I know it is true. That God is always there. That He will lead me through the valley of death. That there will be a moment in my life that I will be able to say: He turned my mourning into dancing. If it is not now, then surely it will be later when I am in heaven. I know that in times I don’t feel Him near and grief is coming over me like a misty cloud that you just can’t avoid, He still is there. And that He is even carrying me as the great poem about footprints in the sand tries to convey.
But I am not there yet. I am coming closer I think. I can see that I am not as much overwhelmed with sorrow as I was shortly after we had to bury our daughter. But deciding to let go seems to be an ongoing process of little by little, step by step.
This process started when the ultrasound showed that our little girl wasn’t growing as could have been expected. We prayed and we prayed and surrendered her to God, hoping that she would grow and thrive. But a couple of weeks later another ultrasound showed complete silence. Feelings that we’ve never had before began to wash over us and we cried out: no, no, no, God, no!
God was there. We turned to Him in despair and disbelief. Realizing the ugly truth, while not able to accept it as being true at the same time. We prayed: God, how do we tell our children their sister died? God, did she suffer? God, why? And also we kept repeating: she is Yours Lord. From the beginning she was, and now she is already with You. Where she belongs. With You. No safer place. I let her go.
Two days later I had to deliver her into the world. She didn’t see the light. Her eyes didn’t see. We did not hear her voice. We did not see her move. I cried. She did not. Holding her tiny body, I knew I had to let her go. I lifted her up towards heaven, I dedicated her to the Lord over and over again. I give her to you Lord. I decide to let go. I surrender. God this is so hard. I want to hold her, cherish her, feed her, love on her, lavish her with kisses and give her everything, but she is not there to receive it. She’s already with You.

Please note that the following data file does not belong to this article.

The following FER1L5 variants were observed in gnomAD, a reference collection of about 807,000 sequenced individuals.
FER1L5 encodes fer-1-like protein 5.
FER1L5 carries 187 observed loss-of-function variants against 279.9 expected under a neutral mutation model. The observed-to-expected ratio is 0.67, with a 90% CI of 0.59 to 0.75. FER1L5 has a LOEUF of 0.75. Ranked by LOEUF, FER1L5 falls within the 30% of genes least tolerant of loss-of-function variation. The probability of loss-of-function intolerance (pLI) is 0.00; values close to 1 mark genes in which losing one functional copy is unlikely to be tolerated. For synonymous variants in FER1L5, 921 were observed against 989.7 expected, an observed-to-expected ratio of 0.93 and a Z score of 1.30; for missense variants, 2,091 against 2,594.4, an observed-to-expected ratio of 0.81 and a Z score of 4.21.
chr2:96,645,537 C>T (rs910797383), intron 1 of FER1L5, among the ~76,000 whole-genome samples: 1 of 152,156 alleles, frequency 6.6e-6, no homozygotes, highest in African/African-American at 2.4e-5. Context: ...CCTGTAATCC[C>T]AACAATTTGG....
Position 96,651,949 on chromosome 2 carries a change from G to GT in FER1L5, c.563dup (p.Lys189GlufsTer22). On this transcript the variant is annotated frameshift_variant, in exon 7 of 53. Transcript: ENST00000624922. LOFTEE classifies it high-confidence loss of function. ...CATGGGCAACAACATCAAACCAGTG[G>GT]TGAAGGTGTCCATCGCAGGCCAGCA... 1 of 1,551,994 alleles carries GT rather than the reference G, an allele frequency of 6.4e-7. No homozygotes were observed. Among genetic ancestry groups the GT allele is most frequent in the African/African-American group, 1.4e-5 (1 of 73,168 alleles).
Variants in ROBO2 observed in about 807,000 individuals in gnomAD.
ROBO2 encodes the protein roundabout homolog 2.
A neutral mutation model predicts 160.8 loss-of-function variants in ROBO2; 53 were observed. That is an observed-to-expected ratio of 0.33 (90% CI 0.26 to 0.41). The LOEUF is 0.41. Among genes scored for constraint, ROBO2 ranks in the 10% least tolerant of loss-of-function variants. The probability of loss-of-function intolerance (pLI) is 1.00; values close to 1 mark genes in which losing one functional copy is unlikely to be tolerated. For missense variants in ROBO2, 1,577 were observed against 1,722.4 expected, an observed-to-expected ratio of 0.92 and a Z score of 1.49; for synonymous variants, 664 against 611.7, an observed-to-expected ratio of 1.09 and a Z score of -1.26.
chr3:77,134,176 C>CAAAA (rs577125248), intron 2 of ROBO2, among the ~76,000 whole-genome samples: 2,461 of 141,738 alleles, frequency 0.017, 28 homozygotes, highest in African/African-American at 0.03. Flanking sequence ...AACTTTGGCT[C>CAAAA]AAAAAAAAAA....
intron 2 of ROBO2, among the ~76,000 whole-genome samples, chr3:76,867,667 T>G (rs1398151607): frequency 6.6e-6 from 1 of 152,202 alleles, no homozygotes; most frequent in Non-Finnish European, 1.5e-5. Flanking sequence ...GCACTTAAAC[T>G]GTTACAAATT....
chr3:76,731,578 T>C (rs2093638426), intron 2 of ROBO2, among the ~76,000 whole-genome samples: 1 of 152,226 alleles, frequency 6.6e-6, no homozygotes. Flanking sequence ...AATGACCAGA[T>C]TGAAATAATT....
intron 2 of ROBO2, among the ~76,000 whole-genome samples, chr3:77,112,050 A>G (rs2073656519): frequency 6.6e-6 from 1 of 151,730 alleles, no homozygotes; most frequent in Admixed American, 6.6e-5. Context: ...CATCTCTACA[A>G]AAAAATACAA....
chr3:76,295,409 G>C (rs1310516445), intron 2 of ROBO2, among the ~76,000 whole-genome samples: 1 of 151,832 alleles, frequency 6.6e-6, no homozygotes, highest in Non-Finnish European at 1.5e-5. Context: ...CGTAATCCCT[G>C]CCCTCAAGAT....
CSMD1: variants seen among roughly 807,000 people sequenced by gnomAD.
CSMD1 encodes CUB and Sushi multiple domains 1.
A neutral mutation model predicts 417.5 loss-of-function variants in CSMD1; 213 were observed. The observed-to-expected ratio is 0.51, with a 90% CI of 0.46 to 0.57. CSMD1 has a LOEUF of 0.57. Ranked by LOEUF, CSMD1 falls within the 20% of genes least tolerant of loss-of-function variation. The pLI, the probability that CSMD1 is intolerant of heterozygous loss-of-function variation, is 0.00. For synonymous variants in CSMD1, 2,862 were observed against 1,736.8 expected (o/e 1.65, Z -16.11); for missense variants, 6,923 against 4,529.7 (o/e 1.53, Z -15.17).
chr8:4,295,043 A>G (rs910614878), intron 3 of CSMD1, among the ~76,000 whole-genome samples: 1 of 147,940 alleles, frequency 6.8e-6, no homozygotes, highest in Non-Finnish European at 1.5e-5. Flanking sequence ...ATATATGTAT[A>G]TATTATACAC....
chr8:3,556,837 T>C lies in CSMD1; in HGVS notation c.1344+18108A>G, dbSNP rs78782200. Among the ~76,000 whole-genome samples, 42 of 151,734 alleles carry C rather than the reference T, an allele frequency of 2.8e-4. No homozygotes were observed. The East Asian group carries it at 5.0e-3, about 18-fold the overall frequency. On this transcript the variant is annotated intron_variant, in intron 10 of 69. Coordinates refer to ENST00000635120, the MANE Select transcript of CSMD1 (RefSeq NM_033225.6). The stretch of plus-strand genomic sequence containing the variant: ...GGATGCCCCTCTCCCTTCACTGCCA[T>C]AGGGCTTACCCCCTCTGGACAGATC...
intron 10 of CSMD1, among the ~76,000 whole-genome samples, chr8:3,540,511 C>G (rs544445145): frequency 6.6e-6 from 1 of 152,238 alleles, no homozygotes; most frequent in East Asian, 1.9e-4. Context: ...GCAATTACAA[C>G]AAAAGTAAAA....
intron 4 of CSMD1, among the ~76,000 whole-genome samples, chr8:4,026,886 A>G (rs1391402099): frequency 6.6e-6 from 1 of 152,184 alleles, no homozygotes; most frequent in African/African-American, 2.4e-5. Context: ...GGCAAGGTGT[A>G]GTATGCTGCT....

After a couple of days of welcoming her into the world and into our family, holding her, taking pictures, showing her to some relatives and friends, we finally had to bury her. We put her in a babypink basket, carried her to a hole in the ground, covered it with rose petals. It’s just horrific. Every cell in my body screamed: No! How can I leave my child behind? It left me completely bewildered. Purely on ratio I was able to stand up and walk away while fighting against the desire to go back and dig her up again. My child. My child. I have to let you go.
Today it’s been exactly eleven months that she was born.
Some weeks ago I asked another bereaved parent: ‘Sometimes the pain is so overwhelmingly deep that it seems I can’t breathe. Do you recognize that?’ He said: ‘I do but you have to decide to let it go.’ And he went on and quoted Matthew 11: 28-30. He pointed me to Jesus to find rest for my soul.
At first, I felt condemned by his words. I interpreted it as if I should just leave it behind, ignore it, and go on. But in the last weeks, I came to see that every time grief kicks in, I have a choice. What do I do when grief comes washing over me again like a wave that is just too big to avoid? Do I become passive and let sorrow take me over, or do I actively cry before the Lord, express my grief and handle it over to Him again?
Sometimes I am not there yet. Sometimes I am just not able to let go and hold on to my sorrow by doing something else, trying not to think about it, numbing myself. But other times I am there. Sometimes, in my mind, I lift her body towards heaven all over again and say the same words: Lord, I give her to you. She was Yours from the beginning, I am glad she will not suffer anymore, I am grateful she is in complete wholeness with You.
I came to realize that this is not a one-time-thing. This is something I very well might have to do over and over again as over time, we’ll miss her in different ways, our grief will change. Today it is the baby we miss. In a year, she would have been a toddler and then we will probably miss our toddler. And every time that I am aware of missing her, and I feel that deep pain pop up again, taking my breath away, I can decide to let it go. And if I am not there yet, I’ll hope I will be there soon. Because I want to decide to let it go.